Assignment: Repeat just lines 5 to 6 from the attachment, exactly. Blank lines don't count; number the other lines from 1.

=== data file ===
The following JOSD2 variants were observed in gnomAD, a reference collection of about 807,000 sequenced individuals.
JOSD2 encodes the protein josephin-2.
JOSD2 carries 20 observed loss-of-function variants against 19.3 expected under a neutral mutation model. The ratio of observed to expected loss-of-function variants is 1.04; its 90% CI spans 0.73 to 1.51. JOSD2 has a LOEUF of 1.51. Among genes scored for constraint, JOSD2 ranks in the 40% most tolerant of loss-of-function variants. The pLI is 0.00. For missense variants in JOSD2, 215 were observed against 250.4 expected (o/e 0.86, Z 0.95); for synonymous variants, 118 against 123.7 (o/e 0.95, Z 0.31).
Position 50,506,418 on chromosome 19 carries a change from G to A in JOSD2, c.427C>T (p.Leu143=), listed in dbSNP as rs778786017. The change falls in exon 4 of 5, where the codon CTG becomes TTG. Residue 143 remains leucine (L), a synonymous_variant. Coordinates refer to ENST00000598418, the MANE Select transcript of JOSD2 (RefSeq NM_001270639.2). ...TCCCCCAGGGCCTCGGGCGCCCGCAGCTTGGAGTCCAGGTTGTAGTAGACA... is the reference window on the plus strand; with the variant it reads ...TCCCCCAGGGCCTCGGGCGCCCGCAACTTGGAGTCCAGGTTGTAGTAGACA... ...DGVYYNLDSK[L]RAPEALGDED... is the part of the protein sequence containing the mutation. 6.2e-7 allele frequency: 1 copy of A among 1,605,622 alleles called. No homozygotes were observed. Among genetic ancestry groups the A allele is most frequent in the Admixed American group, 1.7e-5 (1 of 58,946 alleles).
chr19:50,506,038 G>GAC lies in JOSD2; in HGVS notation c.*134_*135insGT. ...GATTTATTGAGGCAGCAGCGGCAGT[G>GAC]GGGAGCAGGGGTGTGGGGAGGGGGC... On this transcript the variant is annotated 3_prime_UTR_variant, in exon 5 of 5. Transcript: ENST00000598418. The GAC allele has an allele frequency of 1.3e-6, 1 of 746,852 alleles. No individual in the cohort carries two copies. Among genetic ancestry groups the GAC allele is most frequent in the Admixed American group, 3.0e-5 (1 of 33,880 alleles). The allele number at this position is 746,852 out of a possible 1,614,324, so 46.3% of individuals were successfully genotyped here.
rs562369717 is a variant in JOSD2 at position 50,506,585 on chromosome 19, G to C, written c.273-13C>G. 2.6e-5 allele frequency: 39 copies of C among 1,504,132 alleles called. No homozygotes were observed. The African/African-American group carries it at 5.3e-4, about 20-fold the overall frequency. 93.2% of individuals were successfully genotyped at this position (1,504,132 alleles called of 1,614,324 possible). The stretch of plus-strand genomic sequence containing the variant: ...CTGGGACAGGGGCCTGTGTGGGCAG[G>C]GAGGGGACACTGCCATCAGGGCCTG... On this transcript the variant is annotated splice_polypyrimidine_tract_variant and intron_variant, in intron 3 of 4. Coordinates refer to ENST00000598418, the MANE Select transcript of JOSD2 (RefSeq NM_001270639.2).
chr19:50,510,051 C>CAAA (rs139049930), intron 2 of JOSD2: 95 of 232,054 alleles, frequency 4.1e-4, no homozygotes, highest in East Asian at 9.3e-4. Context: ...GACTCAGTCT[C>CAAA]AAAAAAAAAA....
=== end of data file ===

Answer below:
chr19:50,506,038 G>GAC lies in JOSD2; in HGVS notation c.*134_*135insGT. ...GATTTATTGAGGCAGCAGCGGCAGT[G>GAC]GGGAGCAGGGGTGTGGGGAGGGGGC... On this transcript the variant is annotated 3_prime_UTR_variant, in exon 5 of 5. Transcript: ENST00000598418. The GAC allele has an allele frequency of 1.3e-6, 1 of 746,852 alleles. No individual in the cohort carries two copies. Among genetic ancestry groups the GAC allele is most frequent in the Admixed American group, 3.0e-5 (1 of 33,880 alleles). The allele number at this position is 746,852 out of a possible 1,614,324, so 46.3% of individuals were successfully genotyped here.
rs562369717 is a variant in JOSD2 at position 50,506,585 on chromosome 19, G to C, written c.273-13C>G. 2.6e-5 allele frequency: 39 copies of C among 1,504,132 alleles called. No homozygotes were observed. The African/African-American group carries it at 5.3e-4, about 20-fold the overall frequency. 93.2% of individuals were successfully genotyped at this position (1,504,132 alleles called of 1,614,324 possible). The stretch of plus-strand genomic sequence containing the variant: ...CTGGGACAGGGGCCTGTGTGGGCAG[G>C]GAGGGGACACTGCCATCAGGGCCTG... On this transcript the variant is annotated splice_polypyrimidine_tract_variant and intron_variant, in intron 3 of 4. Coordinates refer to ENST00000598418, the MANE Select transcript of JOSD2 (RefSeq NM_001270639.2).